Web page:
Yes, I am back! This issue is so important for me to stop my long time hiatus from blogging/vlogging.
Disclaimer: I am working for DWS/ZVRS. For this blog, I am speaking myself as VRS consumer.
Sheri Ann Farinha posted a powerful vlog on Facebook demanding VRS companies (all of VRS companies) to work on interoperability issues.
Sorenson Communications is the company who can receive videomails from Sorenson devices only, and Sorenson can send out videomail messages to other VRS companies’ devices. HOWEVER, All other VRS companies (ZVRS, Convo, Purple, CAAG, and etc.) cannot send their videomail messages on Sorenson devices. Phil Bravin, also known as Dr. Z from ZVRS wrote a letter to FCC about this issue.
That is the major issue going on right now.
Farinha created an hashtag, #VRSInteroperabilityNOW and encourages VRS consumers to call FCC at this videophone number: (844) 4-FCC-ASL / 844-432 2275 to file a complaint over the videophone.
I wanted to let you know of what was Sorenson’s excuse. I asked the local Sorenson representative about the videomail. The response was:
Sorenson believes in creating software that is “deaf-friendly’ and we do not believe accepting other VRS companies’ software from Mirial. We do not want to compromise our quality products and software for our customers.
One of the Sorenson’s employees posted a video on Facebook claimed that Sorenson were following all of the rules with FCC, and is always innovating new features. This employee mentioned that any technological advancements may result compatibility issues and blames that other competitors who does not want to spend time and money to make upgrades on their systems, thus complaining to the FCC with hopes that it will ‘slow down’ innovation.
Basically, Sorenson is confirming that their video mail feature is superior and ‘deaf friendly’ than other VRS companies.
And… John T. Nakahata Counsel to Sorenson Communications, Inc. wrote an ex-parte letter to FCC on November 14, 2013 about the meeting on November 12, 2013 on interoperability issues.
The Commission should not, however, order providers retroactively to ensure videomail interoperability for H.323. Doing so would cost millions of dollars and would require at least a year of intensive engineering work to transition two-thirds of Sorenson’s customer it is quite possible that by the end of 2014, Sorenson would be ready to switch to the new SIP standard—which is expected to address point-to-point interoperability, videomail interoperability, contact-list portability, and more.
Finally, the Commission also must understand that the SIP-standardization process requires provider resources, and after the impending rate cuts, there will be few if any resources left. If the Commission wants to ensure interoperability, it needs to adopt rates that are sufficient to keep providers in business—and that means implementing auctions sooner than contemplated by the June 2013 VRS rate order.
Basically, Sorenson is telling FCC to not cut rates, and want rates increase so that they can upgrade their software to follow the new SIP standard which ensure interoperability, including point-to-point, videomail, and many more.
I want you to be aware about something.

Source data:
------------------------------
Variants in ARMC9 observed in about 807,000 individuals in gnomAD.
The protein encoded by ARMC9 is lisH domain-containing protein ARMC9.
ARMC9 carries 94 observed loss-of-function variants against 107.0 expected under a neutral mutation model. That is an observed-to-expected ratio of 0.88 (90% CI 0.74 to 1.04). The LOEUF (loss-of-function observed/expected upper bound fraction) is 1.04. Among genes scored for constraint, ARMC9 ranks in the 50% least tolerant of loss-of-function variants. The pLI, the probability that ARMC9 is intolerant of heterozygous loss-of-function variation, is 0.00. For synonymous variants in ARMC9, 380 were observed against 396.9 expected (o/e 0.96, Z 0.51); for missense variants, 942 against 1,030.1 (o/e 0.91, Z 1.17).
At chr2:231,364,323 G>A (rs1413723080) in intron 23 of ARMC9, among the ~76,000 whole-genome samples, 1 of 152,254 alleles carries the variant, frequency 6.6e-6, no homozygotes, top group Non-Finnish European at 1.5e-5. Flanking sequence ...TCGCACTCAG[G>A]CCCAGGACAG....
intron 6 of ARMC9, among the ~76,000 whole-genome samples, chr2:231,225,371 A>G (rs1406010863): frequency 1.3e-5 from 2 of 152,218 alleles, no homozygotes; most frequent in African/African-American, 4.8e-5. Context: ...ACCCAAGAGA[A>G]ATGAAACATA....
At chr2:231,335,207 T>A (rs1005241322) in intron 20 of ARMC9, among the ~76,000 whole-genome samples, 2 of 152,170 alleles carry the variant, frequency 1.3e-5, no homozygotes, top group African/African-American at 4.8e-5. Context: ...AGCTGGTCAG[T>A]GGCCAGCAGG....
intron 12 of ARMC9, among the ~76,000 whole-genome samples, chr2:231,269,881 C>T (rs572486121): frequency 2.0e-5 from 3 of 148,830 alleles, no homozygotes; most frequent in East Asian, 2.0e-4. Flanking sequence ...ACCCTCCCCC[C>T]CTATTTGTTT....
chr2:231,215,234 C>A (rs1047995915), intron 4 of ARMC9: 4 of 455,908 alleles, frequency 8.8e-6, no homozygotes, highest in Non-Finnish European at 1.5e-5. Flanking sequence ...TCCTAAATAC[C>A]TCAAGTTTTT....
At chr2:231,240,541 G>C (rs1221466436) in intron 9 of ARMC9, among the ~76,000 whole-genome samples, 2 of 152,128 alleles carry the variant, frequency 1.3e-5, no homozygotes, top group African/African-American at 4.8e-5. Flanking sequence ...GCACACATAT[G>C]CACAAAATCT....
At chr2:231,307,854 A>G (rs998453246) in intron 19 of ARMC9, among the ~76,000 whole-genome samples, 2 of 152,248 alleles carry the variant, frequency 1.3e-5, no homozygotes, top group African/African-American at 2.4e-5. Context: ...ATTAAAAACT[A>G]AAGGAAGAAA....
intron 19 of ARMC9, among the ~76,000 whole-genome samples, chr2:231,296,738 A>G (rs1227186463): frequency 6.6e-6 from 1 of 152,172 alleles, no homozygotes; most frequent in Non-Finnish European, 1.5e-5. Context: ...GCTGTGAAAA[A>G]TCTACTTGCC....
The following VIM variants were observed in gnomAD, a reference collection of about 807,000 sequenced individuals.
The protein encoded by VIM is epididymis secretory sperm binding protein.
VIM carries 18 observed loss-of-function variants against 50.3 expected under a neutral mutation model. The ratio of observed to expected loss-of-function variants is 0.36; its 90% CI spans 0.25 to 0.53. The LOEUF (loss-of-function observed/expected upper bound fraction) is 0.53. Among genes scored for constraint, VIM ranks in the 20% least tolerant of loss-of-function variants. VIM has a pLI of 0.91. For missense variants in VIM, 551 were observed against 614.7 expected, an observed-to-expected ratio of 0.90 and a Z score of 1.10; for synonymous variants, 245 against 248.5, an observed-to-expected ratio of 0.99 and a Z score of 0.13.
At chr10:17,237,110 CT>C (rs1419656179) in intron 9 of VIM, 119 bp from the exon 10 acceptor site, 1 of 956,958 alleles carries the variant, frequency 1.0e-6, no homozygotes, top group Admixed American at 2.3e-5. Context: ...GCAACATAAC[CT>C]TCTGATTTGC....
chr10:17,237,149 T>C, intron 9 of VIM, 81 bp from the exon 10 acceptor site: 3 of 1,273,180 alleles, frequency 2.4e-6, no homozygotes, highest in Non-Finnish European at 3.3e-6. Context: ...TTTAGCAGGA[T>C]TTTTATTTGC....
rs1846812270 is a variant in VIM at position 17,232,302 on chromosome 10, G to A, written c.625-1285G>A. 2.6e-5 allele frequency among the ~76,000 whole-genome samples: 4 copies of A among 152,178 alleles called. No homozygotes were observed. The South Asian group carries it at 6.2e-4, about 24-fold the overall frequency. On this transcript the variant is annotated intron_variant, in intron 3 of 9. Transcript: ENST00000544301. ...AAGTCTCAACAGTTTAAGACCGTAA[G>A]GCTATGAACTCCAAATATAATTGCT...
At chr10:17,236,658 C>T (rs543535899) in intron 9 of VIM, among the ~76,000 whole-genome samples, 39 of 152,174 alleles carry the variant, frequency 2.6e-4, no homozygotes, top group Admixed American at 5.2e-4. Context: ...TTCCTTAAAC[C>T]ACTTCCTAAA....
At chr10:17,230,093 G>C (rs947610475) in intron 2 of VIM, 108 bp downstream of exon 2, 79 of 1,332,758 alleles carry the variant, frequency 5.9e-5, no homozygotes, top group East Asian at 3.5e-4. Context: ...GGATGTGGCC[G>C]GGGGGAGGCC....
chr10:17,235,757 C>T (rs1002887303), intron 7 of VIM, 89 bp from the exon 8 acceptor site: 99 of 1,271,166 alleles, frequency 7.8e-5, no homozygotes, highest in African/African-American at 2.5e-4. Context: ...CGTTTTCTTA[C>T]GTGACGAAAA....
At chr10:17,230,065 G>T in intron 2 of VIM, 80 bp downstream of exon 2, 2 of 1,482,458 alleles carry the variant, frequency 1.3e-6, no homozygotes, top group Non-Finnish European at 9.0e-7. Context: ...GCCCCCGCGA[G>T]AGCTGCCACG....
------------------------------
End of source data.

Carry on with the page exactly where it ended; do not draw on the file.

Sorenson is now rolling out the newest upgrade for their nTouch products, with 11 (ELEVEN!) newest features! They are now beta testing…
1. Avatar – adding avatar/picture on Sorenson’s dashboard, and can see other person’s avatar/picture profile on the contact list.
2. Call transferring – within your phones, or other person’s phone. If you have someone calling you using your iPhone or Android device, but you are at your friend’s house. You can transfer this call to your friend’s Sorenson phone with a larger screen, and your phone number will be shown, not your friend’s.
3. Personal greetings – it comes with three options: Sorenson’s Lady greeting, Personal greetings with text information, and No video greetings, just text greeting information.
4. Private keypad – by using Sorenson’s remote or computer keyboard – to send private information or help with phone tree instead of telling to the SVRS interpreter.
5. Text feature – Sending texts using home address, or information to SVRS interpreter in advance before making a call.
6. Phone number/contact information retrieval – while online with someone. No need to hang up to copy someone’s contact information. It can be pulled up when you are online with someone.
7. Texting (both way) – consumer can upload textual information to VRS interpreter, and VRS interpreter can send text back to the customer. No more manual writing on white board and showing to the customer.
8. Greetings – it has two options for interpreter to say greetings when connected to the party. For example, “The caller is using sign language, and I will connect you.”
9. One number system – if you have few Sorenson devices, and it can be consolidated into one number.
10. USB flasher – when call comes in. Has enable/disable option.
11. VCO – one line or two line. Option not adding landline phone for VCO.
OKAY. Eleven cool features. Time and money spent developing these features. These features can help to retain their loyal customers.
And… Sorenson is asking FCC not to cut rates, so that they can have more money to develop videomail feature. Why didn’t they add videomail feature as one of their 11 new features?
Sorenson receives federal money to support their business and to remain competitive. Sorenson did not allow their videomail feature to be compatible, therefore they are denying our right for functional equivalency.
All I can say at this time….
Call FCC at 844-4-FCC-ASL (844-432-2275)
Amy Cohen Efron